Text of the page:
cover image The Cretaceous Past

The Cretaceous Past

Cixin Liu, trans. from the Chinese by Elizabeth Hanlon. Subterranean, $40 (192p) ISBN 978-1-64524-015-0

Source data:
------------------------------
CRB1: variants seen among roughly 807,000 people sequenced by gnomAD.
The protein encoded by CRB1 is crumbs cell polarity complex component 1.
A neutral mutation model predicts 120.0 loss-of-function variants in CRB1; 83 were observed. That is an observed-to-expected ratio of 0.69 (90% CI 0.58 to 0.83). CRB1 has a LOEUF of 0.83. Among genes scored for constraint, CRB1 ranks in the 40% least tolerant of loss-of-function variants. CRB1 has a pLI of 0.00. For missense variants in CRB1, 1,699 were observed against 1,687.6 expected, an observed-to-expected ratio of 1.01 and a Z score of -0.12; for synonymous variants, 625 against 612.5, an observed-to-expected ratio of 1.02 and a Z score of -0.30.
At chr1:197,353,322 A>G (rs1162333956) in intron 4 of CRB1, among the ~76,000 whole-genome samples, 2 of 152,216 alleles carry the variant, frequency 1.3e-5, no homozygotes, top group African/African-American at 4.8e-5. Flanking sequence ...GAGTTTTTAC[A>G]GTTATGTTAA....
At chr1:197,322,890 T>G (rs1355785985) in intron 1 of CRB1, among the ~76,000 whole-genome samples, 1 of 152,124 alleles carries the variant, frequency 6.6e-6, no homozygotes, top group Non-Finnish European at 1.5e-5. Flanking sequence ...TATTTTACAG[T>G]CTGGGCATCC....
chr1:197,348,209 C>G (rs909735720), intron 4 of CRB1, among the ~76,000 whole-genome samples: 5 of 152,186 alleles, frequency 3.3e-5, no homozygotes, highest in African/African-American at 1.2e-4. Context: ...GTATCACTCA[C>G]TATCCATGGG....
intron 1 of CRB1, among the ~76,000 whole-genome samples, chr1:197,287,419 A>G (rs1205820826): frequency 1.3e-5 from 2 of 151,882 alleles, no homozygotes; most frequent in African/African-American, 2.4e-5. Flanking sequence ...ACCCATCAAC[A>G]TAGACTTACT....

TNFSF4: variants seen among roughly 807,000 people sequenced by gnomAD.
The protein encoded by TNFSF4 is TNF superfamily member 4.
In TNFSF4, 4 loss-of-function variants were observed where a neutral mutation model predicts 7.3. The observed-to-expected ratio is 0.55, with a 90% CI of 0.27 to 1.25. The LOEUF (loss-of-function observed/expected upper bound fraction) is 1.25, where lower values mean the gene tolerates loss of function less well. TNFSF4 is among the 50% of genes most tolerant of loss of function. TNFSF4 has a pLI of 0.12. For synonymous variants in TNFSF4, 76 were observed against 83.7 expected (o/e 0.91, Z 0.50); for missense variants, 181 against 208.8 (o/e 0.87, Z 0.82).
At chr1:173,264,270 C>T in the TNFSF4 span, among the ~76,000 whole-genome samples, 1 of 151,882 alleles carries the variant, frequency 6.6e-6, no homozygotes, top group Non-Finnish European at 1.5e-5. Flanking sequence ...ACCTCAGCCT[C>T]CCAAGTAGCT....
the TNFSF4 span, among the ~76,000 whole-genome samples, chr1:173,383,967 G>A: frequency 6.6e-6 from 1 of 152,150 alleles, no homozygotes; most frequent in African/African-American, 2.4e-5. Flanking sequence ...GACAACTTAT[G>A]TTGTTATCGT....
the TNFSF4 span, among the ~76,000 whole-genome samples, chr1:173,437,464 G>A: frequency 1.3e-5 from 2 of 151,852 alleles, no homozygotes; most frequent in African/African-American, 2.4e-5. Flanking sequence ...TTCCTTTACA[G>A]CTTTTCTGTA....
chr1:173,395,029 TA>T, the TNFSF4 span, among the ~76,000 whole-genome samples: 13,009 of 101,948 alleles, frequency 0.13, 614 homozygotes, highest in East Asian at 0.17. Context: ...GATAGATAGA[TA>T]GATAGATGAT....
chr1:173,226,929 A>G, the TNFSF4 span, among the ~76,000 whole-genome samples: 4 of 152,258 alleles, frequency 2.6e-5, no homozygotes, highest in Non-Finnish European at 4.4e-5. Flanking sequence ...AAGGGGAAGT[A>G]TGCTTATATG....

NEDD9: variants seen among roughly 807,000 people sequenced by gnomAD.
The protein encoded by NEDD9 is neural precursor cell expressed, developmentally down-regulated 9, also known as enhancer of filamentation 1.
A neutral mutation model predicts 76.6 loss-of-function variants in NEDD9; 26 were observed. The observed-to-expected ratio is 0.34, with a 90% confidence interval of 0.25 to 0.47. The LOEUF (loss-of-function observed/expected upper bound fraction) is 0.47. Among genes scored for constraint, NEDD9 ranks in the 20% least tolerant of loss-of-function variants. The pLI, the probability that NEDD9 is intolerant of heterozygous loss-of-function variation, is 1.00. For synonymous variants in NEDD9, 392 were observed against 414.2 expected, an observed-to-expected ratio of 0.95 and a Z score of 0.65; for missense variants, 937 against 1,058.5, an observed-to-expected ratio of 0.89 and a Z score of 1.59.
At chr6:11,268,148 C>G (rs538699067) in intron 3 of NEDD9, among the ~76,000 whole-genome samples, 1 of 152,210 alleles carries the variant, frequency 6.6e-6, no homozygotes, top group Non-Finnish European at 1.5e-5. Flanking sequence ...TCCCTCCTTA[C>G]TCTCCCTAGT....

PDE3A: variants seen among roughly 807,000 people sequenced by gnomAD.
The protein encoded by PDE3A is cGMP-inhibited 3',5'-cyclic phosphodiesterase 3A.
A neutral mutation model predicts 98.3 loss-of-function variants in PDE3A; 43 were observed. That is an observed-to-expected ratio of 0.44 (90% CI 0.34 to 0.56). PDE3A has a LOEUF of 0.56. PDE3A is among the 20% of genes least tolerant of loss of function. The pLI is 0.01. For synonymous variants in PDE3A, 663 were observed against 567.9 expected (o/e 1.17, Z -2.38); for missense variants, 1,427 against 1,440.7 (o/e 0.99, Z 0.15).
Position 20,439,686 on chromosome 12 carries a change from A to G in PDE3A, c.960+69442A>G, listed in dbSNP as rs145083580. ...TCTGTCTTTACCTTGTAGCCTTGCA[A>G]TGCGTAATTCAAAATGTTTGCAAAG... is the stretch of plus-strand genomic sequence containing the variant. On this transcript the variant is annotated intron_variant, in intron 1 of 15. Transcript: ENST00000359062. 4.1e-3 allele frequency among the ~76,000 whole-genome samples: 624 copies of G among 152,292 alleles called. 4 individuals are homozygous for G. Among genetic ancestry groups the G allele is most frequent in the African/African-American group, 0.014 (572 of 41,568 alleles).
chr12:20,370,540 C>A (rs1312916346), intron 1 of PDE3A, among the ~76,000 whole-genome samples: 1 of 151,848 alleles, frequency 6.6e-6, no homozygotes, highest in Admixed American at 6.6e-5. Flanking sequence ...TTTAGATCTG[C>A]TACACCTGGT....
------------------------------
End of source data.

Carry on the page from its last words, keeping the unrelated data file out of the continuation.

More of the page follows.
Liu (the Three-Body Problem trilogy) delivers a sharp allegory of ant-dinosaur relations in this high concept alternate history. After relieving a distressed Tyrannosaurus of a bit of meat stuck in its teeth, ants rapidly become caregivers to the entire range of “terrible lizards.” In turn, the creative dinosaurs think up new tasks for them, as well as inventions that the dexterous ants can create. Despite the massive size difference, the two kinds of creatures cooperate in building a technologically advanced civilization that reaches into space. Unfortunately, religious controversies, ecological stresses, and bias (“Those bite-sized brains of yours are obviously only fit for simple arithmetical thinking”) break down the interspecies union and lead to disastrous war. Liu mingles real science with prescientific beliefs and invests his critters with enough anthropomorphic attributes to make them understandable but not so much as to render them humans in costumes, similar to Orwell’s masterful pigs and sheep in Animal Farm. Fans of smart, politically charged sci-fi should check this out. (May)